Flow Chart: The Irrelevance of Theology

This isn’t an atheist blog, and your Curmudgeon doesn’t consider himself an atheist (although creationists like ol’ Hambo would disagree). Nevertheless, we regard theology as utterly irrelevant — more so than many other things that thrill uncountable millions, such as baseball, opera, and French cooking, but which mean nothing to us.

Why do we consider theology to be irrelevant? We have devised a flow chart to demonstrate our thinking. We did something similar but less ambitious last year — see Curmudgeon’s Creationist Flow Chart. What we’ve got today deals with a far more grandiose subject.

We doubt that we’re the first to reach our conclusion, and we’re certainly not the first to diagram such questions with a flow chart. If others have already done the same thing, good for them — it doesn’t surprise us that they’ve reached the right result. Regardless of one’s answers to our questions, the conclusion is the same — there’s no reason to worry about theology. That’s the meaning of our “No worries!” conclusions — one may always have things to worry about, but theology isn’t one of them.

And now, dear reader, in two separate sections because of the limits of our graphic program, we present The Curmudgeon’s Theology Flow Chart™. Take it slowly, one question at a time. Note that the positions of “Yes” and “No” are switched for the last question. You’ll see that our logic is undeniable. Here we go:

Theology Flow Chart
Theology Flow Chart-2

That should be self-explanatory, but a brief comment may be appropriate for the last question. If the supreme intelligence is benevolent and one happens to be Jack the Ripper or something similar, then there would be cause for worry; but that’s his problem, not yours.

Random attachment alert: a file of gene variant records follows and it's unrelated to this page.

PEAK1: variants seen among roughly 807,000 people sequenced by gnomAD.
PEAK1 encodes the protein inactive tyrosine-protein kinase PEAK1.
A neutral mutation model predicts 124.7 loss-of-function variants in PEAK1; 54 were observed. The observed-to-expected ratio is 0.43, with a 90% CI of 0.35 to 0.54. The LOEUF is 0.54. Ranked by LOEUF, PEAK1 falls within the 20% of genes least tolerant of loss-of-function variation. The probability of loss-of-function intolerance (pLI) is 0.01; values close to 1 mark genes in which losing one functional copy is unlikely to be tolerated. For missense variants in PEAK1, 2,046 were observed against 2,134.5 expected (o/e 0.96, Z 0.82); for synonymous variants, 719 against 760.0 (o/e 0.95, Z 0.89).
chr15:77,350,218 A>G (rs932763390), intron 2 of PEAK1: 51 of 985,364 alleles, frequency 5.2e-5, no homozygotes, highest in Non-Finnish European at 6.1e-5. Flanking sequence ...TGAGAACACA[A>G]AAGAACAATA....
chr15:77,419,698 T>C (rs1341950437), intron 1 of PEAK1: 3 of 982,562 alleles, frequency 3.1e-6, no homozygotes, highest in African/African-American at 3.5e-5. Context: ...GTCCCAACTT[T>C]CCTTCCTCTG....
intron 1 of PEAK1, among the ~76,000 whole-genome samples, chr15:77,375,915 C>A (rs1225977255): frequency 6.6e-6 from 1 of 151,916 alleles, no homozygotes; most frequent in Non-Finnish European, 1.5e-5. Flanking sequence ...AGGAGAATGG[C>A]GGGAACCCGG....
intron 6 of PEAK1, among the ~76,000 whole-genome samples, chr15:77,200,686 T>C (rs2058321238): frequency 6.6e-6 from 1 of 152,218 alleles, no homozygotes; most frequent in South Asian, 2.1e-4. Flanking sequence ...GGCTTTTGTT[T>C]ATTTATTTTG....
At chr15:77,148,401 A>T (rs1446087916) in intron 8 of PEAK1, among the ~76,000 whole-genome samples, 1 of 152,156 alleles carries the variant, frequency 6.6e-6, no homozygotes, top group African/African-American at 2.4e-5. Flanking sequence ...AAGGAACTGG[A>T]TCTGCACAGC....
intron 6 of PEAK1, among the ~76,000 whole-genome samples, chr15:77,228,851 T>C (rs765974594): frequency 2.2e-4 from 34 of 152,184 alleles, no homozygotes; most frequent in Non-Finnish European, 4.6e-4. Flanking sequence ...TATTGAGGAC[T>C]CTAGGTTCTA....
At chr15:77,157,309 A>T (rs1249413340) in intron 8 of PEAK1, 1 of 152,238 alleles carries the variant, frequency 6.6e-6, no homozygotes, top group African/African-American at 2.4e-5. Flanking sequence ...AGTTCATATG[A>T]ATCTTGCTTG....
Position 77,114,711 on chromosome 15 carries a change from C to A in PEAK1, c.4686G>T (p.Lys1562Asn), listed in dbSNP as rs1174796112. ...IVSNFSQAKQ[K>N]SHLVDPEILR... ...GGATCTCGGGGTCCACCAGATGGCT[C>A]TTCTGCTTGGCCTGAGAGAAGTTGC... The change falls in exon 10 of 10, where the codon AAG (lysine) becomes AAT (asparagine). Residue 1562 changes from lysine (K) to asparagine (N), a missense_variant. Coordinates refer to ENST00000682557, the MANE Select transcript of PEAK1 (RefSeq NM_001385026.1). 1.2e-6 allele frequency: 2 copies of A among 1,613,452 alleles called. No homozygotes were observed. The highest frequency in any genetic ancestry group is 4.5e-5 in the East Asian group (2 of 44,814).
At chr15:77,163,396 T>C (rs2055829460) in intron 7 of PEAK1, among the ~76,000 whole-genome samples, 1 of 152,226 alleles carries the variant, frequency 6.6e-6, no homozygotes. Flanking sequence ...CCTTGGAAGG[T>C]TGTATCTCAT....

Copyright © 2014. The Sensuous Curmudgeon. All rights reserved.

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9 responses to “Flow Chart: The Irrelevance of Theology

  1. Dear Curmudgeon
    Time to slip some shrimp on the barby and have a cold Fosters then.
    Magic

  2. And if that god is the character in the old testament of the Christian bible, you know, the mass murdering maniac that Ken Ham worships, we are indeed screwed. If that’s the case, we should just kick back and enjoy the BBQ shrimp and Fosters with BlackWatch. Hell, let’s enjoy in any case!

  3. Here’s my flow chart:

    “1. Is there some kind of God?” Yes and No both lead to: “That’s nice but unfalsifiable. Try again.” The only other option is “Maybe”, which leads to: “2. Is the chronology of life, and explanation for its diversity, provided by mainstream science for the past 150+ years increasingly supported by a ‘convergence, neither sought nor fabricated’ of multiple lines of independent evidence?” Yes leads to “Congratulations, you avoided bearing false witness.” No leads to “Try again.”